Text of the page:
Antonio Neri, chief executive officer of Hewlett Packard Enterprise, took some time Tuesday evening to chat with ZDNet by phone after the company reported revenue and profit for its fiscal fourth quarter that topped Wall Street's expectations, forecast this yеar's profit higher as well, and said it will relocate its headquarters from San Jose, California, to Houston, Texas.
"I will say we finished the year with a very strong performance," Neri told ZDNet, adding, "The headline is the fact that we returned revenue to the pre-pandemic level, which is the $7.2 billion that we just posted."
Neri has been steadily moving more and more products of the company to an "as-a-service" model, where products can be used regardless of where they are deployed, be it in a public cloud environment or a customer's own data center facility.
Individual line items are a validation of that strategy, he said, such as the company's annualized revenue run rate of $585 million, which rose 11% from the prior quarter, and 30%, year over year.
But there are other, qualitative indicators, he said, that indicate Hewlett's approach is the right one.
"When you think about apps and data, you need to think about workloads," he said, "you have workloads that require an enormous amount of compute, where the compute and data need to be co-located, and that is a perfect example of HPC, and we are the market leader."
Neri pointed out how Hewlett is taking or intends to take market share in multiple categories, particularly its growth businesses. For example, the Intelligent Edge products, which include wired and wireless networking equipment, rose 14% from the prior quarter to $786 million. "We will take share," said Neri.
In the company's High-Performance Compute & Mission Critical Systems products, where revenue rose 25%, year over year, Neri emphasized "We are the market leader in HPC, we own 37% of the share and growing, the next competitor is ten points behind us, we have won five out of the six exascale systems."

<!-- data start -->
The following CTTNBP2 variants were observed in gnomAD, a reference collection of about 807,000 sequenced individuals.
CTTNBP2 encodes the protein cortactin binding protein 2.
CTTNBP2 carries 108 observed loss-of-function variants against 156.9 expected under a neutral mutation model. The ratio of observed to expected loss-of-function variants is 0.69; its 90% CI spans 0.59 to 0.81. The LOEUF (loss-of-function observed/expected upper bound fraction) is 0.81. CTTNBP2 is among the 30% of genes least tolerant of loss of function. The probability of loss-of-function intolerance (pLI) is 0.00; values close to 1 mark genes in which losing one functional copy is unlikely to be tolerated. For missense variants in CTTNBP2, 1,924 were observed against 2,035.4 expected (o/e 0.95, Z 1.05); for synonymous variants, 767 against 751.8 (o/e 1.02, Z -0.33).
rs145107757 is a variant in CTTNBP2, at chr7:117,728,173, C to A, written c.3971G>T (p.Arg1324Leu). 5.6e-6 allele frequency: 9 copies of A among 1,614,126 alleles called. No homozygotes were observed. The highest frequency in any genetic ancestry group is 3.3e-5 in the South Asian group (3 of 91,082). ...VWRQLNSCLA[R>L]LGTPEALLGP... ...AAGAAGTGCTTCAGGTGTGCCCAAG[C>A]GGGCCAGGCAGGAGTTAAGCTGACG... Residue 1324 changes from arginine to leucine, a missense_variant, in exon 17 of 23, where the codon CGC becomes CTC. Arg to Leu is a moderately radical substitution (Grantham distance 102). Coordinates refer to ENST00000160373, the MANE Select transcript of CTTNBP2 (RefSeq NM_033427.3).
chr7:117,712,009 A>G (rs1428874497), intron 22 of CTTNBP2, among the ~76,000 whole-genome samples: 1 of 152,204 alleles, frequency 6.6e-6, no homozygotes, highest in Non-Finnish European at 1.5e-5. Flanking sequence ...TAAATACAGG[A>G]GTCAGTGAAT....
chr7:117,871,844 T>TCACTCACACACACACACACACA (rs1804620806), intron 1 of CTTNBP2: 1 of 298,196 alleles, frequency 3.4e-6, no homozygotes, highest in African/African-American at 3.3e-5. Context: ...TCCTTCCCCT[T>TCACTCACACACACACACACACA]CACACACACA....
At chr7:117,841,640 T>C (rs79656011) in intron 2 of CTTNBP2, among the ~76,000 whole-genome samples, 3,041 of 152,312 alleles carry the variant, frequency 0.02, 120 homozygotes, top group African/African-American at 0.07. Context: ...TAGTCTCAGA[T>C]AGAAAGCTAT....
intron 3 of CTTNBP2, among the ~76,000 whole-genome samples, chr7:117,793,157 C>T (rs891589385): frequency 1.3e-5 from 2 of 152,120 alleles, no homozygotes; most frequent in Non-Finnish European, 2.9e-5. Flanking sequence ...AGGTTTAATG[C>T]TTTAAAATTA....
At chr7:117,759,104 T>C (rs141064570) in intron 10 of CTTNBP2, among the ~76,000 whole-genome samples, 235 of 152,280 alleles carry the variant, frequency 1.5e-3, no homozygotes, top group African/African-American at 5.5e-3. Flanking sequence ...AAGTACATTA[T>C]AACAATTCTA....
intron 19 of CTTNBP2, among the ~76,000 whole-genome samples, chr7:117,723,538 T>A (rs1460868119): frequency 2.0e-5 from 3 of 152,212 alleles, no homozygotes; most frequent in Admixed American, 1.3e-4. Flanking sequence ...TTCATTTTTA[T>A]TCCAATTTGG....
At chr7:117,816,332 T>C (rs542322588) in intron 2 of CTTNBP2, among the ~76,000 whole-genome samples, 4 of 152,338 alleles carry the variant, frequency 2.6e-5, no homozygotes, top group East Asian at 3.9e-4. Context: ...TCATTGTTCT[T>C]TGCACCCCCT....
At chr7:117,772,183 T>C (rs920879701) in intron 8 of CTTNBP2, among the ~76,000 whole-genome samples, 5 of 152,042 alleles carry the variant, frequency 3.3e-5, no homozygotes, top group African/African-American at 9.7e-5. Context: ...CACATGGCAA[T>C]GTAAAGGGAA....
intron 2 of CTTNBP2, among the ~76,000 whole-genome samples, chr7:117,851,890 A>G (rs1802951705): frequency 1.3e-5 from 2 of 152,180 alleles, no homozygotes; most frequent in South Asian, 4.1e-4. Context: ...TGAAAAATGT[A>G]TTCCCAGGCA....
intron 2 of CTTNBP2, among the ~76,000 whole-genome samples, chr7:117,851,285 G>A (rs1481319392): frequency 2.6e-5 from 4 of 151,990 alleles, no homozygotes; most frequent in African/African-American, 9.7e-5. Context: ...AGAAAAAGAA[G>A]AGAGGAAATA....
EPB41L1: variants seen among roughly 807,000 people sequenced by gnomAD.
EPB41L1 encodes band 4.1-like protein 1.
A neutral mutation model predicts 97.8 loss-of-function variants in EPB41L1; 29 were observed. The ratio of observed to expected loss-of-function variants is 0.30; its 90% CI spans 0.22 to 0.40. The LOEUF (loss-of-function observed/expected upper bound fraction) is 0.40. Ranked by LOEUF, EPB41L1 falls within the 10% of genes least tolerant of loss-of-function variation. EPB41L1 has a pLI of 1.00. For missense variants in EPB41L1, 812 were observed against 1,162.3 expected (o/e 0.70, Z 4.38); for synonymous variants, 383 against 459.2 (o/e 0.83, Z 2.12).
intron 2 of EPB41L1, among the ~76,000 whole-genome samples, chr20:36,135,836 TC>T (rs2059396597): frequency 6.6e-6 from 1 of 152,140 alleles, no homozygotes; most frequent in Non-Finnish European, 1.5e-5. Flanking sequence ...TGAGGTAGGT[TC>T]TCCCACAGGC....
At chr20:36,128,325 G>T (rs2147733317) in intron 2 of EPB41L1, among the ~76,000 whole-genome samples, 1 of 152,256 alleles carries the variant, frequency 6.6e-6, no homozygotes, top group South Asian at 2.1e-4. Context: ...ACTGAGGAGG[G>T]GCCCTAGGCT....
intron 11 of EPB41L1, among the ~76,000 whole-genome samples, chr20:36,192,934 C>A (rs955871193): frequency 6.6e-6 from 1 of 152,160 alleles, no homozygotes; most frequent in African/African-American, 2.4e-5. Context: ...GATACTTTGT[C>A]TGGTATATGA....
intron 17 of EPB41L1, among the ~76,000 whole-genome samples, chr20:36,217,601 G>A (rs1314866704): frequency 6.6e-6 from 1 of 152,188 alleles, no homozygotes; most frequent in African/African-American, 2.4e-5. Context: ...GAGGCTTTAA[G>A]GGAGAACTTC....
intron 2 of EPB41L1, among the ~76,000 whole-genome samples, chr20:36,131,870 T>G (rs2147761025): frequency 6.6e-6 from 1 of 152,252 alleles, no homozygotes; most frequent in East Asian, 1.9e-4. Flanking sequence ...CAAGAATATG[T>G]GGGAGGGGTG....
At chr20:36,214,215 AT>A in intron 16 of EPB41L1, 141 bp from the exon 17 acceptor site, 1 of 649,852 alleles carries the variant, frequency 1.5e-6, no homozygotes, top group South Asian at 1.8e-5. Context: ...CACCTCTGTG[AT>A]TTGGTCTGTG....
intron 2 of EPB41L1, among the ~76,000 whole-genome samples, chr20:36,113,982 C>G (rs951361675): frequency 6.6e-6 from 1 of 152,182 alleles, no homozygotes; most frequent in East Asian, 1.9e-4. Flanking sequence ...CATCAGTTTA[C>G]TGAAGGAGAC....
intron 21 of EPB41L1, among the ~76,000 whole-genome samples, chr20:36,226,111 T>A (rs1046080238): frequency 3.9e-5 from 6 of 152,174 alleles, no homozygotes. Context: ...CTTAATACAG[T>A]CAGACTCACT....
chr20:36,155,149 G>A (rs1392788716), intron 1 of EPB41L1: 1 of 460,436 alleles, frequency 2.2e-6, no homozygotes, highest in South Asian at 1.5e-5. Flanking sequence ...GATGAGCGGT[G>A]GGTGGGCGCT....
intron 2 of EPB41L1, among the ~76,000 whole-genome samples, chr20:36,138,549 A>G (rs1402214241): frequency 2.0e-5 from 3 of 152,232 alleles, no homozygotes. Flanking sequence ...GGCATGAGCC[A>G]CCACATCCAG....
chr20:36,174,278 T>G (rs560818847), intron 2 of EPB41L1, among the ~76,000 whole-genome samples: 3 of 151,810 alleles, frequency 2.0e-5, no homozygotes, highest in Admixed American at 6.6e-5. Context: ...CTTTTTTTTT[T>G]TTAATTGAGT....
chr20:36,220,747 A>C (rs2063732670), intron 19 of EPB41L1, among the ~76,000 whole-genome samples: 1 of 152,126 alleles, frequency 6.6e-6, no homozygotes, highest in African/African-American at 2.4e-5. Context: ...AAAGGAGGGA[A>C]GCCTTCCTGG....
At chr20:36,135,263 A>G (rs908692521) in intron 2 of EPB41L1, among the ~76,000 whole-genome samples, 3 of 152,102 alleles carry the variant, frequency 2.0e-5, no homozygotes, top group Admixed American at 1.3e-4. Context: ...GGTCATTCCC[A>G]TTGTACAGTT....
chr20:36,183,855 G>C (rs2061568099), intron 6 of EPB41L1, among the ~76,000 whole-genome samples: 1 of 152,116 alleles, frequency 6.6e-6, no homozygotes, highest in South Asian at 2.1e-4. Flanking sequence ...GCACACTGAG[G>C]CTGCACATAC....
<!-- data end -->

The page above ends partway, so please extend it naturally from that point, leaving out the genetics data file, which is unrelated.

Asked about Hewlett's decision to move its HQ to Houston, Texas, from San Jose, California, Neri presented it as a new arrangement of two major centers.
"We have created two major hubs," in Texas and California, Neri said. "One is a technology hub, where a lot of innovation gets created, that's Silicon Valley, the San Jose building, which is a true, state-of-the-art digital." That facility will be "the house for Aruba, Intelligent Edge, storage, software, and HP Labs, which is "going to be phenomenal."
"On the Houston side, a lot of that is compute today, silicon that we developed, and corporate functions."
The choice as an ability to "rationalize our footprint," said Neri, and he lauded "the ability to attract diverse talent," which is "very unique" in Houston.
Neri said Hewlett has learned during the pandemic about how people want to work, a nod to the fact that many may want to be in their local environment, or working from home some of the time.
Summing up the quarter, he remarked, "We feel we have the right portfolio, we have executed better, we are gaining momentum, obviously there's still a lot of uncertainty out there, but it feels steady at this point in time."
HPE stock is down slightly in morning trading.